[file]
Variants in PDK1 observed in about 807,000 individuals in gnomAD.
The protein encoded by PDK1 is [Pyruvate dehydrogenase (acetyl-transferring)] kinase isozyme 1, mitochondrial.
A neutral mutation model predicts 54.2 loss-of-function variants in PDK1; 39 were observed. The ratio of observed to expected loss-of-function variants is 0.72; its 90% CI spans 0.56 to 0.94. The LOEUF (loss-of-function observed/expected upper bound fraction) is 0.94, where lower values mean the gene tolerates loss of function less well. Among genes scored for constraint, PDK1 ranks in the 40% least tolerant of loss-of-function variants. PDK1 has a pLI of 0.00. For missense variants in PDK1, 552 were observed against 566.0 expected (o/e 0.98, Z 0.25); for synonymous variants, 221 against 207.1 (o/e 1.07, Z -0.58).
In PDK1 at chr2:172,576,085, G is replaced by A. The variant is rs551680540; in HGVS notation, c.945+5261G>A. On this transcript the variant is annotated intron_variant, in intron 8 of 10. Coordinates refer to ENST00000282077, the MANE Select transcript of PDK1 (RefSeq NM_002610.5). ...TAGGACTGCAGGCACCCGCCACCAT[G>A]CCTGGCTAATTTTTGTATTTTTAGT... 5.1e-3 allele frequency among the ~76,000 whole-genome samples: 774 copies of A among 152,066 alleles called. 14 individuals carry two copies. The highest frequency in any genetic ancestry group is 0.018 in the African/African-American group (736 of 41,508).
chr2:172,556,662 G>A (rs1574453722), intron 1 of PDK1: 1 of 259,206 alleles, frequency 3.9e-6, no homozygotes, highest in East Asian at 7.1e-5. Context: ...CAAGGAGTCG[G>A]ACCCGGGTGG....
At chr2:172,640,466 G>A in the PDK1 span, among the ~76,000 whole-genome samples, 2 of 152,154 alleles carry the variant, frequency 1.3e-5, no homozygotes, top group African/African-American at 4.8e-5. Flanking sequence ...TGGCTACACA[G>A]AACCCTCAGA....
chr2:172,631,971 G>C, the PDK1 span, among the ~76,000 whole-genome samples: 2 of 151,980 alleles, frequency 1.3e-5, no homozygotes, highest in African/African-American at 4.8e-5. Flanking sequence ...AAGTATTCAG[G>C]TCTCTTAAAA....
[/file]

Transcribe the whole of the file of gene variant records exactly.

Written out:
Variants in PDK1 observed in about 807,000 individuals in gnomAD.
The protein encoded by PDK1 is [Pyruvate dehydrogenase (acetyl-transferring)] kinase isozyme 1, mitochondrial.
A neutral mutation model predicts 54.2 loss-of-function variants in PDK1; 39 were observed. The ratio of observed to expected loss-of-function variants is 0.72; its 90% CI spans 0.56 to 0.94. The LOEUF (loss-of-function observed/expected upper bound fraction) is 0.94, where lower values mean the gene tolerates loss of function less well. Among genes scored for constraint, PDK1 ranks in the 40% least tolerant of loss-of-function variants. PDK1 has a pLI of 0.00. For missense variants in PDK1, 552 were observed against 566.0 expected (o/e 0.98, Z 0.25); for synonymous variants, 221 against 207.1 (o/e 1.07, Z -0.58).
In PDK1 at chr2:172,576,085, G is replaced by A. The variant is rs551680540; in HGVS notation, c.945+5261G>A. On this transcript the variant is annotated intron_variant, in intron 8 of 10. Coordinates refer to ENST00000282077, the MANE Select transcript of PDK1 (RefSeq NM_002610.5). ...TAGGACTGCAGGCACCCGCCACCAT[G>A]CCTGGCTAATTTTTGTATTTTTAGT... 5.1e-3 allele frequency among the ~76,000 whole-genome samples: 774 copies of A among 152,066 alleles called. 14 individuals carry two copies. The highest frequency in any genetic ancestry group is 0.018 in the African/African-American group (736 of 41,508).
chr2:172,556,662 G>A (rs1574453722), intron 1 of PDK1: 1 of 259,206 alleles, frequency 3.9e-6, no homozygotes, highest in East Asian at 7.1e-5. Context: ...CAAGGAGTCG[G>A]ACCCGGGTGG....
At chr2:172,640,466 G>A in the PDK1 span, among the ~76,000 whole-genome samples, 2 of 152,154 alleles carry the variant, frequency 1.3e-5, no homozygotes, top group African/African-American at 4.8e-5. Flanking sequence ...TGGCTACACA[G>A]AACCCTCAGA....
chr2:172,631,971 G>C, the PDK1 span, among the ~76,000 whole-genome samples: 2 of 151,980 alleles, frequency 1.3e-5, no homozygotes, highest in African/African-American at 4.8e-5. Flanking sequence ...AAGTATTCAG[G>C]TCTCTTAAAA....